Singer Adnan Sami becomes Indian citizen, says there is no intolerance

Published Jan 1, 2016, 8:29 pm IST
Updated Mar 26, 2019, 12:57 pm IST
The singer made a representation to Home Ministry requesting stay in India on humanitarian grounds.
Singer  Adnan Sami  (Photo: Twitter)
 Singer Adnan Sami (Photo: Twitter)

New Delhi: There is no intolerance in India, says Pakistan-born singer Adnan Sami after becoming an Indian citizen on Friday.

A smiling Sami also sang his famous song - "Teri oonchi shaan hai maula...Mujhko bhi to lift kara de"- after he received a citizenship certificate from Minister of State for Home Kiren Rijiju at North Block here in the presence of his wife Roya.


Asked about concerns expressed by actors Aamir Khan and Shah Rukh Khan about alleged growing intolerance in India, the 46-year-old singer said everyone was entitled to his or her own opinion and their remarks were perhaps based on their own experience.

"Had there been intolerance, I would not have taken Indian citizenship. I have never experienced intolerance. There is no intolerance in India," he said. The singer said he was very happy after becoming Indian citizen and grateful to the government.

"I am grateful to the government of India for giving me this beautiful gift," he said. Asked how he felt after becoming an Indian citizen, Sami said there was no difference as the taste of 'biryanis' was same in both the countries. "And I have had enough of 'biryanis' in both Pakistan and India," he said. The singer said there was mixed reaction in Pakistan on his taking Indian citizenship but his family understands his love for India and its people.


Asked about Prime Minister Narendra Modi's recent visit to Lahore, Sami said he was very happy that Modi had visited Pakistan and was making efforts to improve relations with the country.

"I personally believe in the philosophy of 'love thy neighbour'," he said.

Home Ministry officials said Sami has been given Indian citizenship following his request to the Centre to legalise his status in the country on humanitarian grounds.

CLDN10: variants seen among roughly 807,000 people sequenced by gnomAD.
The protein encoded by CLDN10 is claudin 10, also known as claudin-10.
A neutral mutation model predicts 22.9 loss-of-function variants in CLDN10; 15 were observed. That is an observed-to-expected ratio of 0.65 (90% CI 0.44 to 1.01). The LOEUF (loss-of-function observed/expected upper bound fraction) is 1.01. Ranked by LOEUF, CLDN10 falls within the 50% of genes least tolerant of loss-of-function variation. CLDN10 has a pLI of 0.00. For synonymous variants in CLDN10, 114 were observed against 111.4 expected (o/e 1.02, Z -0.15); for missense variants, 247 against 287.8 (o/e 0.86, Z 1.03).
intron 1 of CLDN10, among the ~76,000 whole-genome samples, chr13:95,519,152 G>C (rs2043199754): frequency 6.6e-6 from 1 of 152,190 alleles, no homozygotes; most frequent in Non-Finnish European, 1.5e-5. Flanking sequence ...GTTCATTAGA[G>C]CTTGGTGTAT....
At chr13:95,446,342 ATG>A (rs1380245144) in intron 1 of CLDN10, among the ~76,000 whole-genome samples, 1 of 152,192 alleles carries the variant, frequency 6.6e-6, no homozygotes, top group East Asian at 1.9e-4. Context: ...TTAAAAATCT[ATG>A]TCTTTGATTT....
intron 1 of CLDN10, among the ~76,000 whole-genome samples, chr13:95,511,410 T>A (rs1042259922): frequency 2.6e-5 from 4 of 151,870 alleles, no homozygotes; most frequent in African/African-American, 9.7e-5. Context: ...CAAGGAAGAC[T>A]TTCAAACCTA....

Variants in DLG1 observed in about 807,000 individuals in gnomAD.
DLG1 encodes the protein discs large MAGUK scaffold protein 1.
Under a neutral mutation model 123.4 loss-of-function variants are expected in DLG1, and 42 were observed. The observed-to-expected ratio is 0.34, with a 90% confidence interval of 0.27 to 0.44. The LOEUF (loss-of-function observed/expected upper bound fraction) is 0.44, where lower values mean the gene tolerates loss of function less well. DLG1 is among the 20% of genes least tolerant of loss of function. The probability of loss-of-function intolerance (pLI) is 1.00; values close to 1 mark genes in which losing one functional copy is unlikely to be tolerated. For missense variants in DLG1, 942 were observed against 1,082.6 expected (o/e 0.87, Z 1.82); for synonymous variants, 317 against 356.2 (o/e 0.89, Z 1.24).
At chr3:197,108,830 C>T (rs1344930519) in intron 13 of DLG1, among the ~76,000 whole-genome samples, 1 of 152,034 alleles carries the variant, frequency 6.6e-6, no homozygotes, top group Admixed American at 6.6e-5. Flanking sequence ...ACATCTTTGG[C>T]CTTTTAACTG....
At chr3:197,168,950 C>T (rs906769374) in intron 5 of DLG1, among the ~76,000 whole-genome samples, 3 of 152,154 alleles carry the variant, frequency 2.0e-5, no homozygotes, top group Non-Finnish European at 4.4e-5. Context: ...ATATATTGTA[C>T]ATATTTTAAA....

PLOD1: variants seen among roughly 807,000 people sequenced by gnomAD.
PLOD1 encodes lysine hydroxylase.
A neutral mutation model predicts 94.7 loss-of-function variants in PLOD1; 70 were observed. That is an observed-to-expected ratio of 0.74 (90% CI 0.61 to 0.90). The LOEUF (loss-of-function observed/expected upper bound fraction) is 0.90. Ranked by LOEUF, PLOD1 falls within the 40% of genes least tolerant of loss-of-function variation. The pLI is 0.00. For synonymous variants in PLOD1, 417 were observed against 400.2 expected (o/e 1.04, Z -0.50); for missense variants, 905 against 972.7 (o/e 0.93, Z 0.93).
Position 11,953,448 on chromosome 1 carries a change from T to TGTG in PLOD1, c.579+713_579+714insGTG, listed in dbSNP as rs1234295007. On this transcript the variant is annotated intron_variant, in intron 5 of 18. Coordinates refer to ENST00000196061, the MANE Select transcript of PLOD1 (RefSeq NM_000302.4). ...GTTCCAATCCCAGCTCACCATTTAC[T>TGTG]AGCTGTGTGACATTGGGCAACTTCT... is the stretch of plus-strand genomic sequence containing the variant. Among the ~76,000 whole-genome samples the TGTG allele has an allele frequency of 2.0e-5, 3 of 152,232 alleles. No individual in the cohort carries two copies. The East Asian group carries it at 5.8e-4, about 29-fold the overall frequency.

The singer, who has made India his home for the past few years, had made a representation to the Home Ministry on May 26 this year requesting that he be allowed to stay in India on humanitarian grounds.


Read: Shiv Sena flays BJP's 'double standard' on citizenship to Adnan Sami

Sami had first arrived in India on March 13, 2001 on a visitor's visa with the validity of one year which was issued by the Indian High Commission in Islamabad.

His visa was extended from time to time. His Pakistani passport issued on May 27, 2010 expired on May 26, 2015 and his passport was not renewed by the Pakistan government which led him to approach the Indian government with the request to legalise his stay in India.

Sami's two songs from the album, 'Kabhi To Nazar Milao' and 'Lift Kara De', whose music video starred actor Govinda, were a sensation in the early 2000s.


This year the singer tasted success with his song 'Bhar Do Jholi meri' in Salman Khan-starrer 'Bajrangi Bhaijaan'.

Shortly after receiving the certificate of Indian citizenship, Sami tweeted: "A New Beginning... A New Feeling... A New Belonging... A New Love Affair... A New Country... JAI HIND!!!"

"My Profound thanks to Honourable Prime Minister @narendramodi ji for approving my Indian Citizenship. A New birth!”

"I'm highly indebted to the Honourable HM @BJPRajnathSingh ji for his tremendous support in granting me Indian Citizenship," he tweeted.


Later, the Home Ministry said in a statement that Sami was given certificate of naturalisation by Rijiju.

It said that the Rawalpindi-born singer had applied for the certificate of naturalisation and has satisfied the government that the conditions laid down in the Citizenship Act, 1955 for grant of naturalisation are fulfilled in his case.

His request for citizenship was approved by the Union Home Minister Rajnath Singh on Thursday.

"In pursuance of the powers conferred by the Citizenship Act, upon taking the oath of allegiance within the time and in the manner required by the rules made in that behalf, he shall, subject to the provisions of the said Act, be entitled to all political and other rights, powers and privileges, and be subject to all obligations, duties and liabilities to which an Indian citizen is entitled or subject, and have right to all intents and purposes and the status of an Indian citizen," the Home Ministry statement said.